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Our Boats and Us Page 6

Our Boats and Us: Mahogany Memories

A vintage lapstrake brings this editor heartwarming pleasures.

By George L. Petrie

   

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When I was just a wee tot, my parents would take me out in the family runabout, a 16-foot Thompson lapstrake with a 22-hp Evinrude. Dad would curse until the “knuckle-buster” outboard roared to life, then we would settle back for a quick run to our favorite fishing hole. After a while, I’d snuggle up under the foredeck and be gently rocked to sleep in a cradle of mahogany planking. We kept the old Thompson until I was well into high school, repowering her with an “awesome” 60-hp Mercury that even had electric start! My buddies and I would water-ski, race, or just mess around all summer long. It was at the wheel of the Thompson that I kissed my first girlfriend.

Though that was half a lifetime ago, the memories remain etched in my mind and probably account for my sentimental predisposition towards wooden boats. So after a brief flirtation with fiberglass in the 1980’s (and a carefree decade with no boat at all), when my wife and I finally took the plunge back into boat ownership, it was almost predictable that a mahogany lapstrake would win our hearts.

It was love at first sight. After two years of searching up and down the East Coast, we were taking an evening stroll down by a yacht club just a few blocks from home in Connecticut. And there she was, a black-hulled beauty with varnished ma­hogany decks, capped by a smart-looking canvas top that offered full protection from the sun along with seven feet of headroom from the windshield to the transom. A few weeks later, through a chance en­counter, we learned that the 26-foot Lyman lapstrake we had been admiring was owned by a neighbor and that the object of our admiration was seriously for sale.

Negotiations ensued, funds conveyed, papers were filed, and in the waning days of summer, the Lyman was ours. It was just after Labor Day 2002 that we took our first ride in the new-old boat, but it proved to be a memorable experience.

Anxious to get aboard the Lyman the first day she was ours, I rushed home from work, picked up my wife, and dashed off to the marina just to give the boat a quick once-over. Though my wife had rightfully insisted that the boat wasn’t yet ready for a shakedown cruise, the temptation of the black beauty tugging at her dock lines was simply too strong. Within minutes the vintage Chrysler V-8 engine was barking, spewing cooling water out the transom.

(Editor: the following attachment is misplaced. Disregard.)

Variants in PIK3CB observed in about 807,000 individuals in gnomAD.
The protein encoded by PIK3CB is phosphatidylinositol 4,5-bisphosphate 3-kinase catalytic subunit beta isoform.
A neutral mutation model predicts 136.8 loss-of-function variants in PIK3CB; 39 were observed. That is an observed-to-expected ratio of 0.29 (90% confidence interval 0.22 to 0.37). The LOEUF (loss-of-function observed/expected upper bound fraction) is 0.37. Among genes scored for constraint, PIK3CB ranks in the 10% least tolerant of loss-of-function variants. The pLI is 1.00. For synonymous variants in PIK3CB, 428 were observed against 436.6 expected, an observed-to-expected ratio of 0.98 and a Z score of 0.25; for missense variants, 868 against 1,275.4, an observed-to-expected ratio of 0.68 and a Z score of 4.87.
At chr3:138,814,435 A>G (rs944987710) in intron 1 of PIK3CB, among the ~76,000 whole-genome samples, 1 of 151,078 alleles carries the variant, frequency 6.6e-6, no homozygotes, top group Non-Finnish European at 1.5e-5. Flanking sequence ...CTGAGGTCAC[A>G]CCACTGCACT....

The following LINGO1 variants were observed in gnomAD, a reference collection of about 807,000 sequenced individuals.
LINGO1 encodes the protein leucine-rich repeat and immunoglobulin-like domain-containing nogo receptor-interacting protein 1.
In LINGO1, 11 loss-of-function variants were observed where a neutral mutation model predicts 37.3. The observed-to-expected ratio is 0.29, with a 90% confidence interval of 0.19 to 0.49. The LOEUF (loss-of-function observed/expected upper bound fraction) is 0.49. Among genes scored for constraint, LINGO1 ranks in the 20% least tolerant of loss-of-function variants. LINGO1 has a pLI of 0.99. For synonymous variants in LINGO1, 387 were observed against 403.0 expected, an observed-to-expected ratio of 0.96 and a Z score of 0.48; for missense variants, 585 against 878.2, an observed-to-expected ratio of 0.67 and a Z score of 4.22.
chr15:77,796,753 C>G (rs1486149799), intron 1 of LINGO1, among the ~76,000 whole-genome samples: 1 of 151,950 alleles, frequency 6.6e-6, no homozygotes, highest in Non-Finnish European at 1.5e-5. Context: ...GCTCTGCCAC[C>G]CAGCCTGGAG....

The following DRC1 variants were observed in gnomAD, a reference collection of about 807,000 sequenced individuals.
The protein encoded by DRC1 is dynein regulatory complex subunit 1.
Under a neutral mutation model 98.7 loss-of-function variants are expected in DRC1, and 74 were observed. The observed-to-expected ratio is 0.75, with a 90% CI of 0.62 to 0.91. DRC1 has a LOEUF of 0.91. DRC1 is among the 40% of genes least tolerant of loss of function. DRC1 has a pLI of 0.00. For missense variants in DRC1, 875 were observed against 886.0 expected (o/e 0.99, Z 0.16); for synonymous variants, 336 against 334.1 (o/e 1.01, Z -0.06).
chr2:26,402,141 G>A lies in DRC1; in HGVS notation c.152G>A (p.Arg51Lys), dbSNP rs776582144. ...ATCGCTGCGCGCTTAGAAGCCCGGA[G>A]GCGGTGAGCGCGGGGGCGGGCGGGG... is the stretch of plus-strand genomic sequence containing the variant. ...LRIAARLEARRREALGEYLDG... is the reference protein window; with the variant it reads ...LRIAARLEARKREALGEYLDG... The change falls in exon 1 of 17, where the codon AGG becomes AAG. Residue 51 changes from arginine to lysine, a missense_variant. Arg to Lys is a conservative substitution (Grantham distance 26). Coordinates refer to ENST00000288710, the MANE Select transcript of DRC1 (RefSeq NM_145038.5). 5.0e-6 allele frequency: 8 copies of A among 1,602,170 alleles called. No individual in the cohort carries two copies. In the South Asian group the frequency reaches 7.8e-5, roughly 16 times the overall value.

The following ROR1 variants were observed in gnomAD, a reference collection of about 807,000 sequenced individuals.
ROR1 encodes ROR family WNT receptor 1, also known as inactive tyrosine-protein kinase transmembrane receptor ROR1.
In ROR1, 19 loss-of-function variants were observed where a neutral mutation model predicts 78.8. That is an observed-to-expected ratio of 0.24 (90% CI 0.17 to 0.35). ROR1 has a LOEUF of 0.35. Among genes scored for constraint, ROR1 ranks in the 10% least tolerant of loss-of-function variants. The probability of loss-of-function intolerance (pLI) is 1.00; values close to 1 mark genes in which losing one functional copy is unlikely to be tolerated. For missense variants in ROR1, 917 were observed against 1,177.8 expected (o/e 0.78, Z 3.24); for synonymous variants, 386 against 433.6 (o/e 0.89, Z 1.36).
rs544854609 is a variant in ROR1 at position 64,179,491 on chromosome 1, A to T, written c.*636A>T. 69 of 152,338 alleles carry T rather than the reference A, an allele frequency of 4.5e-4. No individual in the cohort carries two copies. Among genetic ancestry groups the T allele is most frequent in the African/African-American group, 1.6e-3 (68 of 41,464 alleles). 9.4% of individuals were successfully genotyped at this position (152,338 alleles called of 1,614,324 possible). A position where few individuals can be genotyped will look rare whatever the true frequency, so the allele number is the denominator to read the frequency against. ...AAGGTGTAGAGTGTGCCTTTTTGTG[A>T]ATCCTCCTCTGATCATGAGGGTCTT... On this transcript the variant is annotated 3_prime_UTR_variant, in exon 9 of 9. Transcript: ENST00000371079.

We had agreed to take just a short ride up the Connecticut River, heading north from Hamburg Cove, where I keep her, but as the hull came up on plane, it left our resolve in its wake. Within minutes I was on the cell­phone, making arrangements to meet friends in Haddam for a quick dinner by the shore. We’d be fine, as long as we were back before dark, because although we had all the required safety equipment onboard, we had no searchlight, no charts, and no means of navigation other than by sight. But we had plenty of daylight, and it seemed a simple matter to just stay be­tween the buoys.

You can guess what happened next. Our short jaunt turned out to be an hour-long run, and dinner evolved into an evening of camaraderie. It was long past dusk when we cast off to begin our run back down river. With my wife at the wheel, I could see just well enough to spot the buoys to keep us in the channel. But I had no idea where we were, the scant lights along the shore offering no clue as to where our destination might be.

After a while, the old engine overheated and quit. We called SeaTow, but when they asked where we were, I could only say, “up river somewhere, just look for a black hull (in the dark).” They found us; it turned out the boat conked out right at the entrance to Hamburg Cove. It’s like she was telling us, “We’re home.”

Now named Ebony and powered with a new fuel-injected V-8, the black Lyman is part of our family. Whether we’re day-tripping across Long Island Sound or just hanging on the hook in Hamburg Cove, she’ll be helping make memories for years to come.

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This article originally appeared in the November 2004 issue of Power & Motoryacht magazine.

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